While I haven't woke up in love with him since I was 12 or 13, it still saddens me. For some girls, it was John or Paul. To others, Davey Jones or Bobby Sherman. For me, there was none like David Cassidy. I look at the photos of him in his prime and even today, when I'm old enough to almost be the age of whomever his grandma was then, I think, Wow, was he handsome! He was spectacular!
Indeed, his moment in the stratosphere of young girls' hearts was fleeting. I'm 59 and most every American woman my age probably gets what I'm talking about. But if you are five years in either direction of my age, you might look puzzled and try to remember who exactly he is. Or was.
Of course as a sheltered Hoosier farm kid growing up in the 1960s and '70s, I had no access to David Cassidy or to anyone like him. On TV's Partridge Family he portrayed a squeaky-clean, talented and popular high school kid who loved and enjoyed performing with his California-based family.
The reality was he was old enough then to be post-college instead of high school, was not squeaky clean in the least, and not happy about singing bubble-gum tunes to millions of girls like me.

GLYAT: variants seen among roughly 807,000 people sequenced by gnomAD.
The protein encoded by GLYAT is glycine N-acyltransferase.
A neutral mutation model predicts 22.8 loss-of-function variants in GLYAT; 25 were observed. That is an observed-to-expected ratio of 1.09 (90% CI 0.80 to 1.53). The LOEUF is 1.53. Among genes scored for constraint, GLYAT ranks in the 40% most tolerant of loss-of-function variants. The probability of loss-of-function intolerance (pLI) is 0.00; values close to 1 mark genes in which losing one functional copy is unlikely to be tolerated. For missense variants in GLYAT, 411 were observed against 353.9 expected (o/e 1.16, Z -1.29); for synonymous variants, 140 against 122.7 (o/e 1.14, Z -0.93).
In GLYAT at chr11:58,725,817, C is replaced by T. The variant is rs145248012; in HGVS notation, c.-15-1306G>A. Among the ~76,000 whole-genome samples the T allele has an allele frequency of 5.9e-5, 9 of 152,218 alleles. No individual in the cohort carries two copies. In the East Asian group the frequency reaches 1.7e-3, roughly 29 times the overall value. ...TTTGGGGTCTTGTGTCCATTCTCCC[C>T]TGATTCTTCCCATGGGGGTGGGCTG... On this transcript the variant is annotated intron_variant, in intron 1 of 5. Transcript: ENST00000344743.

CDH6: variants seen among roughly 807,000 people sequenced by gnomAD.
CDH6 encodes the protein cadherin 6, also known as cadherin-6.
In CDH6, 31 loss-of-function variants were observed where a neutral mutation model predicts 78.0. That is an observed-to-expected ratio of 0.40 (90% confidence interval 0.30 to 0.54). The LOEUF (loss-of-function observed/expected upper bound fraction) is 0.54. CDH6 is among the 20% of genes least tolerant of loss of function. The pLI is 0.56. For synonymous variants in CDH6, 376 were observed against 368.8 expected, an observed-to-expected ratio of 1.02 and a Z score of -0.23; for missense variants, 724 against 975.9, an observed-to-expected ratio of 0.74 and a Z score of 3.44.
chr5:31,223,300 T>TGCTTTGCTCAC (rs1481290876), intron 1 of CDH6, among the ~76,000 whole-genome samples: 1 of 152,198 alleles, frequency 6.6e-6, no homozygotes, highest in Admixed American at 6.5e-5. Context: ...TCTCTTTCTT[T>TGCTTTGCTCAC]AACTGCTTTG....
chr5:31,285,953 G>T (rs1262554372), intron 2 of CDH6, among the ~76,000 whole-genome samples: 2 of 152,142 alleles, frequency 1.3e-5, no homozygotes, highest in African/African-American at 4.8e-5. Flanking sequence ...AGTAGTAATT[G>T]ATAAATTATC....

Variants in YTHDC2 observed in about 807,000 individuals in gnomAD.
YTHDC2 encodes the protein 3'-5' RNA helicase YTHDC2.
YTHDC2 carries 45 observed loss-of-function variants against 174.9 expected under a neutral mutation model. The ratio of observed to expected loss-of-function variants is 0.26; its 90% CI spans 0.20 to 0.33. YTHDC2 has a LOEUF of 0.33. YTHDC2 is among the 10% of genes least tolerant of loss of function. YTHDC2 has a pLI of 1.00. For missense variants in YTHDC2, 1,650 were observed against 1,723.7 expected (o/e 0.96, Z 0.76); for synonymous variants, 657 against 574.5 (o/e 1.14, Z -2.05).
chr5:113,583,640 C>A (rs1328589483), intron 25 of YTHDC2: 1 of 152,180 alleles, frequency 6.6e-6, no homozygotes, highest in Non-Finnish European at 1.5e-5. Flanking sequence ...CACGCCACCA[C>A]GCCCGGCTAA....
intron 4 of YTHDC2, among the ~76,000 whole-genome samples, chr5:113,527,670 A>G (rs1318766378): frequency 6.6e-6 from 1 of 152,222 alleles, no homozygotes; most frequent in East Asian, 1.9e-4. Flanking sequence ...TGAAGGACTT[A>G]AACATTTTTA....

It is widely reported that he would go on to struggle in various ways. A teen idol's story often is not what it would seem. The person who appears to have it all might indeed have what the "world" can give, but lack profoundly in ways that matter more.
Still, 10 years ago when I heard David was to perform at the Indiana State Fair, I had to go. He still sang like a dream, and the old tunes took me back to the end of the 1960s and early 1970s. At one point, he held up a ticket stub someone showed him from the last time he performed at the Indiana State Fair, 1972. The ticket was $5. He joked that those in the stands probably didn't pay a whole lot more for their tickets in 2007.
No one in that audience had the heart to tell him that we paid nothing. He was on the free stage.
Here's the column I wrote for the New Castle Courier-Times about my night with my favorite teen idol. It's from Aug. 18, 2007.